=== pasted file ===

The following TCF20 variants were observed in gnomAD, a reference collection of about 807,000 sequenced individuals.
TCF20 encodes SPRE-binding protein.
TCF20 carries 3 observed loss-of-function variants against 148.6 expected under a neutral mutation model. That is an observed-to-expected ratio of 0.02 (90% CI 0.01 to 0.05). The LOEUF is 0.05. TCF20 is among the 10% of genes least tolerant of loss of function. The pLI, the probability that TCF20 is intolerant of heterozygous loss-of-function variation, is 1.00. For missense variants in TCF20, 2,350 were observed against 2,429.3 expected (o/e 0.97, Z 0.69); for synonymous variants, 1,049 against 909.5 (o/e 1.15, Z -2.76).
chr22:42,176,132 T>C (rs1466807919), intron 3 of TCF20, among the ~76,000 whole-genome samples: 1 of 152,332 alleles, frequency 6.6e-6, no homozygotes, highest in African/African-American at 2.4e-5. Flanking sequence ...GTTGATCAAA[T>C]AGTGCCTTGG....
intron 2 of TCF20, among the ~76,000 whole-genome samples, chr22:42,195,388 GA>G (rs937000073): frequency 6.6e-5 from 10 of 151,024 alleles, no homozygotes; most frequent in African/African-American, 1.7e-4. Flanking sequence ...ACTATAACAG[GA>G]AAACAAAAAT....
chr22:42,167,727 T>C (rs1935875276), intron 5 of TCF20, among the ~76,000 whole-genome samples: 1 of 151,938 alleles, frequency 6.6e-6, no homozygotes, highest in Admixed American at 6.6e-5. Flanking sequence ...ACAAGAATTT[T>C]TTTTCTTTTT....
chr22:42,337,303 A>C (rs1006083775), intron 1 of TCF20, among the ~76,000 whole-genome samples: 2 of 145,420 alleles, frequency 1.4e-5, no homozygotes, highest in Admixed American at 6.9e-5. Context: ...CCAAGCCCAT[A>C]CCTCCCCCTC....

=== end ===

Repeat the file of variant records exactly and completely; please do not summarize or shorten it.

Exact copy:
The following TCF20 variants were observed in gnomAD, a reference collection of about 807,000 sequenced individuals.
TCF20 encodes SPRE-binding protein.
TCF20 carries 3 observed loss-of-function variants against 148.6 expected under a neutral mutation model. That is an observed-to-expected ratio of 0.02 (90% CI 0.01 to 0.05). The LOEUF is 0.05. TCF20 is among the 10% of genes least tolerant of loss of function. The pLI, the probability that TCF20 is intolerant of heterozygous loss-of-function variation, is 1.00. For missense variants in TCF20, 2,350 were observed against 2,429.3 expected (o/e 0.97, Z 0.69); for synonymous variants, 1,049 against 909.5 (o/e 1.15, Z -2.76).
chr22:42,176,132 T>C (rs1466807919), intron 3 of TCF20, among the ~76,000 whole-genome samples: 1 of 152,332 alleles, frequency 6.6e-6, no homozygotes, highest in African/African-American at 2.4e-5. Flanking sequence ...GTTGATCAAA[T>C]AGTGCCTTGG....
intron 2 of TCF20, among the ~76,000 whole-genome samples, chr22:42,195,388 GA>G (rs937000073): frequency 6.6e-5 from 10 of 151,024 alleles, no homozygotes; most frequent in African/African-American, 1.7e-4. Flanking sequence ...ACTATAACAG[GA>G]AAACAAAAAT....
chr22:42,167,727 T>C (rs1935875276), intron 5 of TCF20, among the ~76,000 whole-genome samples: 1 of 151,938 alleles, frequency 6.6e-6, no homozygotes, highest in Admixed American at 6.6e-5. Flanking sequence ...ACAAGAATTT[T>C]TTTTCTTTTT....
chr22:42,337,303 A>C (rs1006083775), intron 1 of TCF20, among the ~76,000 whole-genome samples: 2 of 145,420 alleles, frequency 1.4e-5, no homozygotes, highest in Admixed American at 6.9e-5. Context: ...CCAAGCCCAT[A>C]CCTCCCCCTC....